In the ‘60s and ‘70s, most of the Southeast Asian countries were bedevilled by China inspired communist insurgencies; as a result the Chinese segment of the population in these countries was viewed with suspicion. However, the Chinese lobby in many of these countries, has emerged as a reasonably powerful political and economic entity. This lobby is even considered to make some difference in the electoral prospects of Presidential candidates in the US. Some of the Chinese citizens in the US have come under suspicion for trying to smuggle forbidden technologies to China. This is not without precedence.
China has become an important arms supplier to third world countries, …China considers its arms sales as another way of extending its influence…
Professor Qian Xueshen, who was repatriated to China in 1955 by the US, following the witch-hunts after the Korean War, can be called the Father of China’s Nuclear and Missile Programme. He was a graduate of the California Institute of Technology in 1935 and obtained his doctorate from the Massachusetts Institute of Technology in 1938. During World War II, he was director of the rocket section of the United States National Defense Scientific Advisory Board. Dr Qian, and a number of other scientists trained in the United States and Europe, were instrumental in developing the PRC’s nuclear warheads and delivery systems.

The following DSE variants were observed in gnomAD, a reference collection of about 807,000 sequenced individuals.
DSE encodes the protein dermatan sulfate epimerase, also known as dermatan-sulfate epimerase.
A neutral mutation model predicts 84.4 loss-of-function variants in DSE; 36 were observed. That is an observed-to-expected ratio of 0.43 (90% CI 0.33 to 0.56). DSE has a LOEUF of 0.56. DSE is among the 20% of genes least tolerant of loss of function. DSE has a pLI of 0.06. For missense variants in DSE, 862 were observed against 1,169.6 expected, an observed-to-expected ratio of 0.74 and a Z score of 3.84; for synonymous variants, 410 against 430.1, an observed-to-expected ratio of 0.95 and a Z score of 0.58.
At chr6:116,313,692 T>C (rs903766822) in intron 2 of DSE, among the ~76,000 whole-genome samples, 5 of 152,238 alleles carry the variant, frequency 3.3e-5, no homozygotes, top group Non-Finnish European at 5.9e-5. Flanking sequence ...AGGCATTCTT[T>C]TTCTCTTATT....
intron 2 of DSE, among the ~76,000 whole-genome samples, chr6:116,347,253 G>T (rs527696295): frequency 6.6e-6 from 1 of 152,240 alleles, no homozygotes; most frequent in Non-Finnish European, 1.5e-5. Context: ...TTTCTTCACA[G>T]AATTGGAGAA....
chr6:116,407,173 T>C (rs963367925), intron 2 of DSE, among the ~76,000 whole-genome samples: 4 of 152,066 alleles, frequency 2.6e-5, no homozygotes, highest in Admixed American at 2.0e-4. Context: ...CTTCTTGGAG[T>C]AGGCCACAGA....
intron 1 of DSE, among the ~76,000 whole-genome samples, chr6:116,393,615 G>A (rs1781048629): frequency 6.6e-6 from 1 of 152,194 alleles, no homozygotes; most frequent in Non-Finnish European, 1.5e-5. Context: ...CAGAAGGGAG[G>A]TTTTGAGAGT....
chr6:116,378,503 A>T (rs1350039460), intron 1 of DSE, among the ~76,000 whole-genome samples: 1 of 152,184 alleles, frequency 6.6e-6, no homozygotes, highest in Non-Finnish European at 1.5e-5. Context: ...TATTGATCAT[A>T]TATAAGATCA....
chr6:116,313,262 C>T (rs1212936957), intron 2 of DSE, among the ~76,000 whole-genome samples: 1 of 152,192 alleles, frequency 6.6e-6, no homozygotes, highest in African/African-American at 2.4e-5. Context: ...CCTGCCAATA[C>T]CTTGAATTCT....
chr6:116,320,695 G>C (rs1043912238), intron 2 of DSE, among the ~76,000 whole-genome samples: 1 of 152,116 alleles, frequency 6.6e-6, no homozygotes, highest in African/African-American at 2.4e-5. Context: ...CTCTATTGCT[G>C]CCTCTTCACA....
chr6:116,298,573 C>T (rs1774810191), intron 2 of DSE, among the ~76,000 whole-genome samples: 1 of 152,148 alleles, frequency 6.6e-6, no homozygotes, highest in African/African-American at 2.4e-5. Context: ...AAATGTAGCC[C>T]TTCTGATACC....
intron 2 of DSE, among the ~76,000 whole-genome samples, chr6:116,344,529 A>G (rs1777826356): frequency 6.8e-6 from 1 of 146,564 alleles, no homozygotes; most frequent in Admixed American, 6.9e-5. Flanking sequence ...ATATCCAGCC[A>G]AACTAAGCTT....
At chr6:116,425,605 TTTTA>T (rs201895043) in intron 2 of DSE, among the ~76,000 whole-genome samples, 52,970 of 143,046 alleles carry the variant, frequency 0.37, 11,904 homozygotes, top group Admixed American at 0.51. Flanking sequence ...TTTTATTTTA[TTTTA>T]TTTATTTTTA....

The large size and geography bestows upon China a huge strategic depth, which in turn facilitates the exercise of a high degree of strategic autonomy. Mao had predicated his doctrine of ‘People’s War’ and the tactical concept of ‘luring the enemy deep’ on the attribute of strategic depth.
The large geographic size and internal communications affords China a great deal of strategic and operational flexibility against its neighbours. While, China may be lacking in naval and air capabilities vis-à-vis powers like the USA and Russia, nevertheless subjugating China militarily would be a very remote and hazardous proposition.
The per capita military effectiveness of China may be way behind other world powers, but its cumulative prowess could prove to be robust and formidable.